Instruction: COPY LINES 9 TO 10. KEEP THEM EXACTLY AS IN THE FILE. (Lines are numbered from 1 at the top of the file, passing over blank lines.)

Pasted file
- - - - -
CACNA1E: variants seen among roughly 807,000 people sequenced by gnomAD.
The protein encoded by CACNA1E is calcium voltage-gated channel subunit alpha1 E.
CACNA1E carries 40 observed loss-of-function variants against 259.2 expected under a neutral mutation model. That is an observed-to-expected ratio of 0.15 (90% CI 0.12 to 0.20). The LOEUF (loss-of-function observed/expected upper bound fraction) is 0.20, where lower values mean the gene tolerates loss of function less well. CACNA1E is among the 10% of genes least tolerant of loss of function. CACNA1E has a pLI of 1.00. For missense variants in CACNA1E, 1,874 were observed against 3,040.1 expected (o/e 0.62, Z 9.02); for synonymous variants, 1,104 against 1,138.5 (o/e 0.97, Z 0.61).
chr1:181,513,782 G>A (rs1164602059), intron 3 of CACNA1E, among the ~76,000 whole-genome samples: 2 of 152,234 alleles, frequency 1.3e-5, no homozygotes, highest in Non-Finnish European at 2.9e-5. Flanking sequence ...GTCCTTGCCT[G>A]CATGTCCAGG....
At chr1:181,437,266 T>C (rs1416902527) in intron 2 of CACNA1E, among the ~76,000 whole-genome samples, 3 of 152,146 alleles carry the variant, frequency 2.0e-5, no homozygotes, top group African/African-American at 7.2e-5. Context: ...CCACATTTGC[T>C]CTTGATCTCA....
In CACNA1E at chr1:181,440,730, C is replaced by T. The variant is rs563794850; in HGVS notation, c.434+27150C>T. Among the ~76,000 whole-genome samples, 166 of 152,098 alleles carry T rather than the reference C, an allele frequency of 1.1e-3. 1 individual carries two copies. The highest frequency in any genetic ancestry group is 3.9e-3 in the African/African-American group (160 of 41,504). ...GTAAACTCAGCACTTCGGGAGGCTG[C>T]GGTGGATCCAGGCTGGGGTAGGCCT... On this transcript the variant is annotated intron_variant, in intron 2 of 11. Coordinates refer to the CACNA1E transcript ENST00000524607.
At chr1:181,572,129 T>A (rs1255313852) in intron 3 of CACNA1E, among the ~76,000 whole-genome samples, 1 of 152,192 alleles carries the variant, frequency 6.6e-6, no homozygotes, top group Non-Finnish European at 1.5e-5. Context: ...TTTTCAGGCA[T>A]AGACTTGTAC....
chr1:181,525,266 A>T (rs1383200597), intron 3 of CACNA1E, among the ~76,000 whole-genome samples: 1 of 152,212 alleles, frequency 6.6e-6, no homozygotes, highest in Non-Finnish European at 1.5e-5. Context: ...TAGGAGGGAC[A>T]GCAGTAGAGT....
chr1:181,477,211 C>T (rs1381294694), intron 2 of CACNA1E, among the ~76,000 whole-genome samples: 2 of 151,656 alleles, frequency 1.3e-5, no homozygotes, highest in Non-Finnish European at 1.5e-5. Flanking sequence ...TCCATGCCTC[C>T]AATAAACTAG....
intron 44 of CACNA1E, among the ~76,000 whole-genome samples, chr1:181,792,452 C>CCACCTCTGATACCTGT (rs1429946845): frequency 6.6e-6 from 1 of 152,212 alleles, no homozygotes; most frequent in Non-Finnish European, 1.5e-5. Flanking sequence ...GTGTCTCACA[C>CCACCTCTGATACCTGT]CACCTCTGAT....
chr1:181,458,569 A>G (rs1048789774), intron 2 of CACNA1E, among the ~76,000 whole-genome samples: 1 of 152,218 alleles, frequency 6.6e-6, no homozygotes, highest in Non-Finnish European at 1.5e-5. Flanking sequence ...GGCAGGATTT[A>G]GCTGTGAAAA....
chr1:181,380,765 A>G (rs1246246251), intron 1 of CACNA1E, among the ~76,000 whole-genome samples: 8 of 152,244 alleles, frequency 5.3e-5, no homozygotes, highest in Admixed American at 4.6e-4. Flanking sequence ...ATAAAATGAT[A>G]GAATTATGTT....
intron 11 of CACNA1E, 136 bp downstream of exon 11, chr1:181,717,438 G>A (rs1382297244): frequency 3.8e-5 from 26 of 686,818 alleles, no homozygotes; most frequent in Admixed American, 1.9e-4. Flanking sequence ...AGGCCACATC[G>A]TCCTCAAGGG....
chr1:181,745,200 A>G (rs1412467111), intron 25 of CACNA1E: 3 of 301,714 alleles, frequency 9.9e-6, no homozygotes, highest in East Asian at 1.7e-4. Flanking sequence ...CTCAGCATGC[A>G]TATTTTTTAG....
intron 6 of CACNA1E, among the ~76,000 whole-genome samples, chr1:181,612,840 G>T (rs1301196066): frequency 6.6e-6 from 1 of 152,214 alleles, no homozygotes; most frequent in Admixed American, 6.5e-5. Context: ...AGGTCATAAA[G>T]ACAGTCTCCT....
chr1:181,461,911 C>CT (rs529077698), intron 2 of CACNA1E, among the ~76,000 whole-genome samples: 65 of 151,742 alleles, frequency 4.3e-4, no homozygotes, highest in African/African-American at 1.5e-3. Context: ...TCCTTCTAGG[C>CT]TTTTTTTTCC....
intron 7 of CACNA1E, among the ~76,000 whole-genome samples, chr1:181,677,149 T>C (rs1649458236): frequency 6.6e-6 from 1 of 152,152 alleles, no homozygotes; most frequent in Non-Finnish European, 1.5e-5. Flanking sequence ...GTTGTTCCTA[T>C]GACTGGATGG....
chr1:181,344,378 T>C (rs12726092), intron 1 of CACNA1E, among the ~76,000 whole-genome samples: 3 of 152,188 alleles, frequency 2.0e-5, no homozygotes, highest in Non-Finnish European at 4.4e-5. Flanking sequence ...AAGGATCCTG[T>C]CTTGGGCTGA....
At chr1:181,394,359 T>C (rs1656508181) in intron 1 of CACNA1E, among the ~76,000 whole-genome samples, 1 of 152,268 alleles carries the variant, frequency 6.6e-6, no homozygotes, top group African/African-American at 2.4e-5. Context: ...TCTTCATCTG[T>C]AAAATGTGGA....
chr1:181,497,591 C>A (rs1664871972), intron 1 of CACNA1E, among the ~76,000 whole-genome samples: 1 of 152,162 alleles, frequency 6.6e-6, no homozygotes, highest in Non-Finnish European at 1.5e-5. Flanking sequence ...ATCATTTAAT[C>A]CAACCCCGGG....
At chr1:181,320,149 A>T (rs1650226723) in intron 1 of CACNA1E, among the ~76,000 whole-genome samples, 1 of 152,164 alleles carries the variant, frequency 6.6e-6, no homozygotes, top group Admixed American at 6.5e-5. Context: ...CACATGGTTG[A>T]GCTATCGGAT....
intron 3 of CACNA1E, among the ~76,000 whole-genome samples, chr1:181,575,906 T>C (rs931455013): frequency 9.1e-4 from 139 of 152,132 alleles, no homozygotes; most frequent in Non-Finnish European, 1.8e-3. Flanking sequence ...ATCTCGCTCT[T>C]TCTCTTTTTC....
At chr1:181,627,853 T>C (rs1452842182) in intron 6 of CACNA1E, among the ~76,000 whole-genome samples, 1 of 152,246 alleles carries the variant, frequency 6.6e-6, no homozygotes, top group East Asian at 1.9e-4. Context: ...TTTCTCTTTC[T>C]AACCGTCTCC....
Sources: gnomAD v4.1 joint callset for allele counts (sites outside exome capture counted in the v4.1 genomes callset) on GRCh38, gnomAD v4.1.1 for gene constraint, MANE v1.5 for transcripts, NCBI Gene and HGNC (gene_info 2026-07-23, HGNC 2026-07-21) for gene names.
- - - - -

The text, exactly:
chr1:181,477,211 C>T (rs1381294694), intron 2 of CACNA1E, among the ~76,000 whole-genome samples: 2 of 151,656 alleles, frequency 1.3e-5, no homozygotes, highest in Non-Finnish European at 1.5e-5. Flanking sequence ...TCCATGCCTC[C>T]AATAAACTAG....
intron 44 of CACNA1E, among the ~76,000 whole-genome samples, chr1:181,792,452 C>CCACCTCTGATACCTGT (rs1429946845): frequency 6.6e-6 from 1 of 152,212 alleles, no homozygotes; most frequent in Non-Finnish European, 1.5e-5. Flanking sequence ...GTGTCTCACA[C>CCACCTCTGATACCTGT]CACCTCTGAT....